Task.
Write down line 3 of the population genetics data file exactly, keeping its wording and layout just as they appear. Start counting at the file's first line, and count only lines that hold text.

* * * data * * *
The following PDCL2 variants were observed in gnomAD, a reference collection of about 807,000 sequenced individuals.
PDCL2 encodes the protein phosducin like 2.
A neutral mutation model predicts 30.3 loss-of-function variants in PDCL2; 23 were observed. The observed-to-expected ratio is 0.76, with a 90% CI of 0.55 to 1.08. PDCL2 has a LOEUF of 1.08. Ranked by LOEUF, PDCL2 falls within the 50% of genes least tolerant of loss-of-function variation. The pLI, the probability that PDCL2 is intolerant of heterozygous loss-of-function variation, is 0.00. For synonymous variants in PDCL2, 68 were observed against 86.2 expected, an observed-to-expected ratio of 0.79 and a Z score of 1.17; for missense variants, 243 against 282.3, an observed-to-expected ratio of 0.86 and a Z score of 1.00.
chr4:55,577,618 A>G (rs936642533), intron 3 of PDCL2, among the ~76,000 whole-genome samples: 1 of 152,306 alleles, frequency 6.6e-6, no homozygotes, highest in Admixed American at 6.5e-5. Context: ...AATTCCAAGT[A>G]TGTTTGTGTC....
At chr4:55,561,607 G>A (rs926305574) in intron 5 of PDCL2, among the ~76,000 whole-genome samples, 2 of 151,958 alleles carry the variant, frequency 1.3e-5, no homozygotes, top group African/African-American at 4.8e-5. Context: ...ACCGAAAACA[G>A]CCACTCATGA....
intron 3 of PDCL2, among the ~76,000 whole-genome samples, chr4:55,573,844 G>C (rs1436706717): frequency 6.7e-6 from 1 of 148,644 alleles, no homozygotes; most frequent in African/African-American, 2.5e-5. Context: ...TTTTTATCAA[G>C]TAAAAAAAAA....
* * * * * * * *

A neutral mutation model predicts 30.3 loss-of-function variants in PDCL2; 23 were observed. The observed-to-expected ratio is 0.76, with a 90% CI of 0.55 to 1.08. PDCL2 has a LOEUF of 1.08. Ranked by LOEUF, PDCL2 falls within the 50% of genes least tolerant of loss-of-function variation. The pLI, the probability that PDCL2 is intolerant of heterozygous loss-of-function variation, is 0.00. For synonymous variants in PDCL2, 68 were observed against 86.2 expected, an observed-to-expected ratio of 0.79 and a Z score of 1.17; for missense variants, 243 against 282.3, an observed-to-expected ratio of 0.86 and a Z score of 1.00.